Danbury Restaurant Owners Feared Dead in Plane Crash

A couple who owned a restaurant in Danbury is feared dead after their plane disappeared on approach to Danbury Airport and crashed into a reservoir in North Salem, New York.

Family members believe Val and Taew Horsa were flying the plane when it crashed on Thursday afternoon.

The couple owned Bangkok Restaurant, a Thai restaurant in Danbury. Taew Horsa was also the head chef. A closed sign was posted in the restaurant's window on Friday. Danbury Mayor Mark Boughton says it was the first Thai restaurant in the area and immensely popular.

“Val and Taew were living the American Dream. They had a vision to build a restaurant, they opened it 30 years ago, built it up, got a four-star rating because of the culinary delight that it was.” He said. “It's a huge loss for the community, for Danbury and the greater Danbury area, and our business community. Certainly we extend our condolences to the family as well for this tragic loss,” he added.

Crews have recovered some remains from the reservoir, officials said.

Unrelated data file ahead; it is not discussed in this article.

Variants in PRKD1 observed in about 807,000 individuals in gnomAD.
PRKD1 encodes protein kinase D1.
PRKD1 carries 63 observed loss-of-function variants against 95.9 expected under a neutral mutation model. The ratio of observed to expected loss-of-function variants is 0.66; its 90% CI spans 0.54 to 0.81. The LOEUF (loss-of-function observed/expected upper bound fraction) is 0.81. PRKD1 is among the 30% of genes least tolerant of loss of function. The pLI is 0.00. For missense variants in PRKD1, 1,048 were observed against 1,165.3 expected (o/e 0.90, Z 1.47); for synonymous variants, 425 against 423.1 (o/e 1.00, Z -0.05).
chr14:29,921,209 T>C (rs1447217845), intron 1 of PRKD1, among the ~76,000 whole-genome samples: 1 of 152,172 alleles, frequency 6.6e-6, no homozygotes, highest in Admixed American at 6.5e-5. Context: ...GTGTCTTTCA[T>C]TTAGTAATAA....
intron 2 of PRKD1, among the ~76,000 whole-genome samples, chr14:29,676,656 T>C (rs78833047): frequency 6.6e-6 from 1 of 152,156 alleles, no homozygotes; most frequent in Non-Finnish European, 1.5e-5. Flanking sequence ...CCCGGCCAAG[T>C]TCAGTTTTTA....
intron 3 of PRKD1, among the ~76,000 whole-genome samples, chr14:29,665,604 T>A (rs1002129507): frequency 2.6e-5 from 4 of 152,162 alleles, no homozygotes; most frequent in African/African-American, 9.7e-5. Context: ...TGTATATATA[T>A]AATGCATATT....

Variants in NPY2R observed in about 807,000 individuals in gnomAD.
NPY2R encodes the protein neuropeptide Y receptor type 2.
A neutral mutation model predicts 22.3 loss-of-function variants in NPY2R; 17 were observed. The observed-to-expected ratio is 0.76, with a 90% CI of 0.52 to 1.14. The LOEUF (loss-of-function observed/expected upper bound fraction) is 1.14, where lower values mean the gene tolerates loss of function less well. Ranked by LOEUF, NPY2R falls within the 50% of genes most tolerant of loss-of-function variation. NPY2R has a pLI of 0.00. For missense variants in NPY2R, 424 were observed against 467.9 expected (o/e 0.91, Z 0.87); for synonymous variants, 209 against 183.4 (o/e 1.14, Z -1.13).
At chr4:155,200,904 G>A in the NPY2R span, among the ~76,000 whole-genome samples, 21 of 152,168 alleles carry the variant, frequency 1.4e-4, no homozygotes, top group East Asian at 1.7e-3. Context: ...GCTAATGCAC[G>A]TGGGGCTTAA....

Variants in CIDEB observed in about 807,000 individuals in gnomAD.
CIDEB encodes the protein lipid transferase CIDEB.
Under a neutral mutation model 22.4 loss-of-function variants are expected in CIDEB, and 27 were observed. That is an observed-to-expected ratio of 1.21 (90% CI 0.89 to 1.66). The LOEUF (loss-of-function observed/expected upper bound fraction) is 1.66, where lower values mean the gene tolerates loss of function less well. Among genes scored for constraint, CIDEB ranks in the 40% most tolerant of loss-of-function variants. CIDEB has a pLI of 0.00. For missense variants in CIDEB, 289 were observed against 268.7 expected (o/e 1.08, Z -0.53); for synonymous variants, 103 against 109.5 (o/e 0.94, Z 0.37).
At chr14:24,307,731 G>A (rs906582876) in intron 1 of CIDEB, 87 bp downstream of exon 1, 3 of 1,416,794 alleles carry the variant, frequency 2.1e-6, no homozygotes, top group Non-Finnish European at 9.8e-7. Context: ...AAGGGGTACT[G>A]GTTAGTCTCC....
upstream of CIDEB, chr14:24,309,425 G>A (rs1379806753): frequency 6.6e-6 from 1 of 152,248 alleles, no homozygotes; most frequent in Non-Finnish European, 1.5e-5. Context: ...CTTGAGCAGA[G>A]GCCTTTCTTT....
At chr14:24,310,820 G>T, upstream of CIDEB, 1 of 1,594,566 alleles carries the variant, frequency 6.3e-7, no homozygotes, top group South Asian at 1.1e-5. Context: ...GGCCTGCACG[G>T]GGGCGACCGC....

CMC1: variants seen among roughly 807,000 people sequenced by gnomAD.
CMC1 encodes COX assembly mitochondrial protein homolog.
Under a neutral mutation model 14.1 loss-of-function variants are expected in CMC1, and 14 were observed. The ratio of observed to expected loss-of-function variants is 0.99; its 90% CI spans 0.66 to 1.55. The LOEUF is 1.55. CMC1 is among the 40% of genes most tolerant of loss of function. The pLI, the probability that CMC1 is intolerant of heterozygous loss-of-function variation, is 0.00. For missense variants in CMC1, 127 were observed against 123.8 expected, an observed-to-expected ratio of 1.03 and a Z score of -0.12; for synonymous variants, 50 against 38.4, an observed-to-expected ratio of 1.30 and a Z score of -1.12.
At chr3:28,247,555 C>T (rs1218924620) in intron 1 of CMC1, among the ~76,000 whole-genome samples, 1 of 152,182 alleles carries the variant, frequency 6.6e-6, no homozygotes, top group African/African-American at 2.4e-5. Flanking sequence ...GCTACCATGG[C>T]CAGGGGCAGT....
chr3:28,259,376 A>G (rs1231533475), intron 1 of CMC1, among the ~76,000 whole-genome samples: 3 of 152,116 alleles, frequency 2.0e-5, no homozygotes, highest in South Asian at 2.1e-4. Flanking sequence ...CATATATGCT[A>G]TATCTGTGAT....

A wheel and part of a seat from the plane were also retrieved from the reservoir, which was covered in oily sheen from the aircraft.

A New York City Department of Environmental Protection spokesman said divers and helicopters spotted the plane's debris on Friday in the Titicus Reservoir in North Salem, New York, in Westchester County, which is around a 20-minute drive from the airport.

Adam Bosch said the 1971 Cessna was on a landing approach when it lost radar contact with Danbury Airport late Thursday afternoon. He said the single-engine aircraft originated in Danbury, flew to Mississippi and was returning when it vanished.

The remains will be turned over to the Westchester County Medical Examiner for official identification, officials said.

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